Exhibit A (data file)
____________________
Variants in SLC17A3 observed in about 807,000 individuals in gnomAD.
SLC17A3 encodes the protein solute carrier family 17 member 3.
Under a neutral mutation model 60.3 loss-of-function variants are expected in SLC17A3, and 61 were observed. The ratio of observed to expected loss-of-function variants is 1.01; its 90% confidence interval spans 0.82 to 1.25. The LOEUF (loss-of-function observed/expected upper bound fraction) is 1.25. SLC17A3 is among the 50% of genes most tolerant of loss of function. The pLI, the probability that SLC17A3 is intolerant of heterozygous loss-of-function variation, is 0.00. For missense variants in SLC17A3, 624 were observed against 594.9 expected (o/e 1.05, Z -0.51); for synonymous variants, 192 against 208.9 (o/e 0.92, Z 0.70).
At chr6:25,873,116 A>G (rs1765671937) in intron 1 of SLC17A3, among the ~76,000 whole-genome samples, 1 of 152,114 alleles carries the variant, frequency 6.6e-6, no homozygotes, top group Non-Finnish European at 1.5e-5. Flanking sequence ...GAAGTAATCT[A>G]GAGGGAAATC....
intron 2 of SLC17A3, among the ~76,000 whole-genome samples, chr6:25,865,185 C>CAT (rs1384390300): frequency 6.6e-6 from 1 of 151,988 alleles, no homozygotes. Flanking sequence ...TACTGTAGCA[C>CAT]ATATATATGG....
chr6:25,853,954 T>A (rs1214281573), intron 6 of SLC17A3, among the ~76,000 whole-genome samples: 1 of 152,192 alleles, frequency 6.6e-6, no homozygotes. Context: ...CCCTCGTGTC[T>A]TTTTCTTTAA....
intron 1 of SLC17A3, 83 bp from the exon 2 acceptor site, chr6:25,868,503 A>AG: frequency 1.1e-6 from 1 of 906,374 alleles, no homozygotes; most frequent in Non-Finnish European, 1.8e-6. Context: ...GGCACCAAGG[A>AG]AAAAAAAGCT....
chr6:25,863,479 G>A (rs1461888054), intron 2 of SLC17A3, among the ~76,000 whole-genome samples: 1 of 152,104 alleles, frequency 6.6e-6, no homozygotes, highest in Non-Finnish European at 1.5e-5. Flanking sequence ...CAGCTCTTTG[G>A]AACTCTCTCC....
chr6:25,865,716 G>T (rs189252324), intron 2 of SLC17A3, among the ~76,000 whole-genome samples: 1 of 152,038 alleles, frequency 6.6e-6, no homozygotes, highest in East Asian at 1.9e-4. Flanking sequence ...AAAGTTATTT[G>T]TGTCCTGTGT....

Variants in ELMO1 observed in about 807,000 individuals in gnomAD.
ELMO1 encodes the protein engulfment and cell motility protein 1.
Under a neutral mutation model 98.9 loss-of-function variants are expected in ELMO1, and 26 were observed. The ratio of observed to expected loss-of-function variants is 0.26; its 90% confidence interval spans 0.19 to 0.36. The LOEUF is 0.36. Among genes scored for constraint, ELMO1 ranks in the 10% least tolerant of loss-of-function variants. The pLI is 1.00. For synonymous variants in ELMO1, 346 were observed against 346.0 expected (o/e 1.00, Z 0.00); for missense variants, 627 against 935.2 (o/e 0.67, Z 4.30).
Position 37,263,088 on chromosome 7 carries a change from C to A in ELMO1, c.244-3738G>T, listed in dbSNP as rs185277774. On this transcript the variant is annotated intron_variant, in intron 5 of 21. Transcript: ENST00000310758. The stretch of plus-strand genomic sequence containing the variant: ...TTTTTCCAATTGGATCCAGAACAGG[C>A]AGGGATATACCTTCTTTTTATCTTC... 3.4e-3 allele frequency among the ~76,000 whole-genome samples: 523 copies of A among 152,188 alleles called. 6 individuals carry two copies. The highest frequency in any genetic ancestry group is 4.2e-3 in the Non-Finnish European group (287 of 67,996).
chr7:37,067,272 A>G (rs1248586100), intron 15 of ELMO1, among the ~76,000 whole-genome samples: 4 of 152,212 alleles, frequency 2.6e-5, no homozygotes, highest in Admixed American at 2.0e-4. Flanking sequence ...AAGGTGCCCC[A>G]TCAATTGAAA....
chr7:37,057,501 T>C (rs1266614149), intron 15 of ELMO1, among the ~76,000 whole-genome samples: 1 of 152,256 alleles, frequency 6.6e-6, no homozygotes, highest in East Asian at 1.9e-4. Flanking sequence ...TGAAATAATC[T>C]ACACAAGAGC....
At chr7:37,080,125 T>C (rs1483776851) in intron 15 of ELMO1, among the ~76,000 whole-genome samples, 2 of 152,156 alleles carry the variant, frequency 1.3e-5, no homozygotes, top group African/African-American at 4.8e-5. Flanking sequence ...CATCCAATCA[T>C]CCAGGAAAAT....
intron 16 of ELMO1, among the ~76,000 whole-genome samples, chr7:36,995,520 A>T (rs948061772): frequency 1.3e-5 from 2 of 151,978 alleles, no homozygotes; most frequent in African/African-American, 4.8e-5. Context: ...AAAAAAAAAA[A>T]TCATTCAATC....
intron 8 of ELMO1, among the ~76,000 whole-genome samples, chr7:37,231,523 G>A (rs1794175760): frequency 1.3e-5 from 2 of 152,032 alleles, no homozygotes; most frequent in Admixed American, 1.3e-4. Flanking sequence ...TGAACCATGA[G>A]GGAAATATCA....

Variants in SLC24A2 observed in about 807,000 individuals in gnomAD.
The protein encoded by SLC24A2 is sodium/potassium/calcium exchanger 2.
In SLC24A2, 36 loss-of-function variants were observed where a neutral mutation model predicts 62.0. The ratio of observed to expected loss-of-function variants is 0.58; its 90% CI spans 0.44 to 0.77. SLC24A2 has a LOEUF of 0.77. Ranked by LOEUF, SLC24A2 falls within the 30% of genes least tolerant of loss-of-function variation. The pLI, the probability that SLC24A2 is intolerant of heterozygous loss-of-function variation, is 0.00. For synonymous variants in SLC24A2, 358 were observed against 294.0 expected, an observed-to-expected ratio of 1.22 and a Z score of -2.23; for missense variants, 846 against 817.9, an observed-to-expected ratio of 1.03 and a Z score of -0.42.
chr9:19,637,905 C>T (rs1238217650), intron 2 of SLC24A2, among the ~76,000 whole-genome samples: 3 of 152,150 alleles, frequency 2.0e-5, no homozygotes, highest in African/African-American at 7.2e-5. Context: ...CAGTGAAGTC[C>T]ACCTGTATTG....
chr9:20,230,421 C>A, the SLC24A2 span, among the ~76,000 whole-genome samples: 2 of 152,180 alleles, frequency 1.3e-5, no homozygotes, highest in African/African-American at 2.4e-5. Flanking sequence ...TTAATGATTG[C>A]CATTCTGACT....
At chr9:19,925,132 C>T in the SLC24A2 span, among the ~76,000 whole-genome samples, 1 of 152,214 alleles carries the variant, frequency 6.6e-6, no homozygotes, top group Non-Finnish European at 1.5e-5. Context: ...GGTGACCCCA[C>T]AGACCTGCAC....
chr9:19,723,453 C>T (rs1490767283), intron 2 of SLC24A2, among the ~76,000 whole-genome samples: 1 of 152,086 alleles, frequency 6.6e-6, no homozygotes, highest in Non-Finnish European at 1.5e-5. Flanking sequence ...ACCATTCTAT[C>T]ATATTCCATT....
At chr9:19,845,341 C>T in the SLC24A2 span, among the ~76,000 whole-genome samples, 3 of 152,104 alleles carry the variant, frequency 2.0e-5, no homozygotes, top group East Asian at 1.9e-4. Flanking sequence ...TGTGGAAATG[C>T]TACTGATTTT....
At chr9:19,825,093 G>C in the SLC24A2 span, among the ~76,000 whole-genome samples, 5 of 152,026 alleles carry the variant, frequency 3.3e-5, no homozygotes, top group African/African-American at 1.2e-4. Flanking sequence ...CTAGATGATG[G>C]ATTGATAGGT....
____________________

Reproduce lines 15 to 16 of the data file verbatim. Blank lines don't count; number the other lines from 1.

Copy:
chr7:37,057,501 T>C (rs1266614149), intron 15 of ELMO1, among the ~76,000 whole-genome samples: 1 of 152,256 alleles, frequency 6.6e-6, no homozygotes, highest in East Asian at 1.9e-4. Flanking sequence ...TGAAATAATC[T>C]ACACAAGAGC....
At chr7:37,080,125 T>C (rs1483776851) in intron 15 of ELMO1, among the ~76,000 whole-genome samples, 2 of 152,156 alleles carry the variant, frequency 1.3e-5, no homozygotes, top group African/African-American at 4.8e-5. Flanking sequence ...CATCCAATCA[T>C]CCAGGAAAAT....